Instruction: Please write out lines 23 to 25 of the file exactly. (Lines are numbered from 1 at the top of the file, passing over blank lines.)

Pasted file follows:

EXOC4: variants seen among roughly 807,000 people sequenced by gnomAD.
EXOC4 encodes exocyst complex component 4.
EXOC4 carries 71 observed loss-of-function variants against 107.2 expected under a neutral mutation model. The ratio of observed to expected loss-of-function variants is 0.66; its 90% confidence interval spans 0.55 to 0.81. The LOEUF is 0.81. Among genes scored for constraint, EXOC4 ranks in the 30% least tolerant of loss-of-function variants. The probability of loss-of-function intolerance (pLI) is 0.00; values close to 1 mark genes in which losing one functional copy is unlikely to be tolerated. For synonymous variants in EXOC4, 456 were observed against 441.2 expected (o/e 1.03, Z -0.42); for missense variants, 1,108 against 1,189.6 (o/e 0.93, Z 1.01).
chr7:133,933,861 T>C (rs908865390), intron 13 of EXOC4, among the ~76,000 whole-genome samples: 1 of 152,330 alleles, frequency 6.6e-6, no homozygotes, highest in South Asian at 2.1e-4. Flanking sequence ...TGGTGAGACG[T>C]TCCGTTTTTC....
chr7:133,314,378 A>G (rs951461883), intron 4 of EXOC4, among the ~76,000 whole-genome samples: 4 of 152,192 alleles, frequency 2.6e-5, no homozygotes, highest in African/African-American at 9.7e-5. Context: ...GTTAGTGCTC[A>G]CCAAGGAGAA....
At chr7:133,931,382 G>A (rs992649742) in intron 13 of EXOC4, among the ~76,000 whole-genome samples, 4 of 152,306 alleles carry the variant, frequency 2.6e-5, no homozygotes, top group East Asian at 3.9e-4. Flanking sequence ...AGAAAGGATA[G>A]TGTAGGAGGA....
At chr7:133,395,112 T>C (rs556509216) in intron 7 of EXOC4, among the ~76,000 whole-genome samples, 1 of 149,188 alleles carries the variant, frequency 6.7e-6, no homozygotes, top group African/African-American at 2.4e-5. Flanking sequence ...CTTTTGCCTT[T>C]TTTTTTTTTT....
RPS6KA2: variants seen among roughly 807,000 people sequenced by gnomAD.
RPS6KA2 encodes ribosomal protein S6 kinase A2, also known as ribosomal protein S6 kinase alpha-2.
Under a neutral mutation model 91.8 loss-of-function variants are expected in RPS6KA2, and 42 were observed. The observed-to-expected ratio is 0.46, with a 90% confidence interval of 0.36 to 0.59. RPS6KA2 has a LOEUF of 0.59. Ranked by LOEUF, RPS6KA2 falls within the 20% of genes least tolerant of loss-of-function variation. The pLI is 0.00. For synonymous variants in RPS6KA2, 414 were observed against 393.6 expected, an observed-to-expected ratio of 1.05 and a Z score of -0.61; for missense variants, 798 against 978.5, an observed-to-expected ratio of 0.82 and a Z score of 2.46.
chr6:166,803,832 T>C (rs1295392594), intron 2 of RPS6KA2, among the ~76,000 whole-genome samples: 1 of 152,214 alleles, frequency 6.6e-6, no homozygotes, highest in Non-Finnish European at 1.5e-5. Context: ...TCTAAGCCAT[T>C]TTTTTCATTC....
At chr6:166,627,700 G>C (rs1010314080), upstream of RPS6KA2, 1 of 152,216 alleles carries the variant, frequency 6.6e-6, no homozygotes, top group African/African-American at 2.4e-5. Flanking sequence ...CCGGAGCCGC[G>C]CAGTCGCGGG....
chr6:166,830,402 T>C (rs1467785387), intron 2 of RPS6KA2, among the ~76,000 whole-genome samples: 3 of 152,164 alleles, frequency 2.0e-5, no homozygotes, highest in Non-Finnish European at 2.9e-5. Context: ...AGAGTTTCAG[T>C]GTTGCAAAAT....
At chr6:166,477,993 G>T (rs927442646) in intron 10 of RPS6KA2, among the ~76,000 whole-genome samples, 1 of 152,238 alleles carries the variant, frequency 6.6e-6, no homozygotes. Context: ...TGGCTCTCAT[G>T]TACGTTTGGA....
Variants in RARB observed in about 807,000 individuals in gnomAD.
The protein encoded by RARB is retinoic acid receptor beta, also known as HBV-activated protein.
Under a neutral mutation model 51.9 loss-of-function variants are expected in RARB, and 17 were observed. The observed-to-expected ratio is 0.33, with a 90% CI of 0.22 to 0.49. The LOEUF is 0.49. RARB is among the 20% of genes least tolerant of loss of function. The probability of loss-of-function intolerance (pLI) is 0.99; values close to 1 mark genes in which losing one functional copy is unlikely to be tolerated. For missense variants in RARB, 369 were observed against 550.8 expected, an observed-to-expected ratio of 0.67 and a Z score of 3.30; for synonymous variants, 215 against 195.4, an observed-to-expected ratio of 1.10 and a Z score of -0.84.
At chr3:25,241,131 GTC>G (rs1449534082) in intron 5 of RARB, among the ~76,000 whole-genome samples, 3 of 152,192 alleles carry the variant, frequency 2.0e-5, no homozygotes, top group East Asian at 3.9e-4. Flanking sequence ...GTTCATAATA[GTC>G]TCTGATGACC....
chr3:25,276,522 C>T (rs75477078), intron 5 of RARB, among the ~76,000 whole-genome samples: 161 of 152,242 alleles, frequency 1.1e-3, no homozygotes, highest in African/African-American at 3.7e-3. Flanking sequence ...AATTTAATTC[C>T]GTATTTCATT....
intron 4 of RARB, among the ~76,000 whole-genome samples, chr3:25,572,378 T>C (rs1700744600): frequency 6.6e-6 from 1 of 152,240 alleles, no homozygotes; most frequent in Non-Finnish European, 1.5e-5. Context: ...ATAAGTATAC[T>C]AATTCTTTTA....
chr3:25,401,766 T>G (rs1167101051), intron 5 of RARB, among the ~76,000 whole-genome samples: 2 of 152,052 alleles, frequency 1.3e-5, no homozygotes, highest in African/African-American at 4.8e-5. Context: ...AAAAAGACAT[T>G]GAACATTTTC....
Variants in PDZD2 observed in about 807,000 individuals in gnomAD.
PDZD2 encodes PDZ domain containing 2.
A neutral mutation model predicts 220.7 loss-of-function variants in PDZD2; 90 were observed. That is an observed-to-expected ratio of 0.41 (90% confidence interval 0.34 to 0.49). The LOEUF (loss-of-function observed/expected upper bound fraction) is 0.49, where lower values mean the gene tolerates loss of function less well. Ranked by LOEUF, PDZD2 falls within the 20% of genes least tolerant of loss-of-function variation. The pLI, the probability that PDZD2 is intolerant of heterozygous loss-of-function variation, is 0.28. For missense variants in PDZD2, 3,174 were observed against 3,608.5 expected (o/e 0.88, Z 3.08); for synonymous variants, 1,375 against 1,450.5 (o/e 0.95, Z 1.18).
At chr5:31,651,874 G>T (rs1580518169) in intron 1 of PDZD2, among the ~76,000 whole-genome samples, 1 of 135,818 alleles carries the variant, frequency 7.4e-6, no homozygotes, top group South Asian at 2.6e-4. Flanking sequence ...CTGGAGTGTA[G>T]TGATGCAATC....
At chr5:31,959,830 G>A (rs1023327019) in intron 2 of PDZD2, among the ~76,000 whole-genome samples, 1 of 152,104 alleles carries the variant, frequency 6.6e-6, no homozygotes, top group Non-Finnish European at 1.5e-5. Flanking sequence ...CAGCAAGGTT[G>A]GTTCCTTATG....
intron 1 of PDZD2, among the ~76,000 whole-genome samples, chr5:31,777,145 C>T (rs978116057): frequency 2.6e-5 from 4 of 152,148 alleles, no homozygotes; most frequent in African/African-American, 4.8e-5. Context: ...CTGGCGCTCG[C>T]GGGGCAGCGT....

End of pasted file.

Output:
PDZD2 encodes PDZ domain containing 2.
A neutral mutation model predicts 220.7 loss-of-function variants in PDZD2; 90 were observed. That is an observed-to-expected ratio of 0.41 (90% confidence interval 0.34 to 0.49). The LOEUF (loss-of-function observed/expected upper bound fraction) is 0.49, where lower values mean the gene tolerates loss of function less well. Ranked by LOEUF, PDZD2 falls within the 20% of genes least tolerant of loss-of-function variation. The pLI, the probability that PDZD2 is intolerant of heterozygous loss-of-function variation, is 0.28. For missense variants in PDZD2, 3,174 were observed against 3,608.5 expected (o/e 0.88, Z 3.08); for synonymous variants, 1,375 against 1,450.5 (o/e 0.95, Z 1.18).
At chr5:31,651,874 G>T (rs1580518169) in intron 1 of PDZD2, among the ~76,000 whole-genome samples, 1 of 135,818 alleles carries the variant, frequency 7.4e-6, no homozygotes, top group South Asian at 2.6e-4. Flanking sequence ...CTGGAGTGTA[G>T]TGATGCAATC....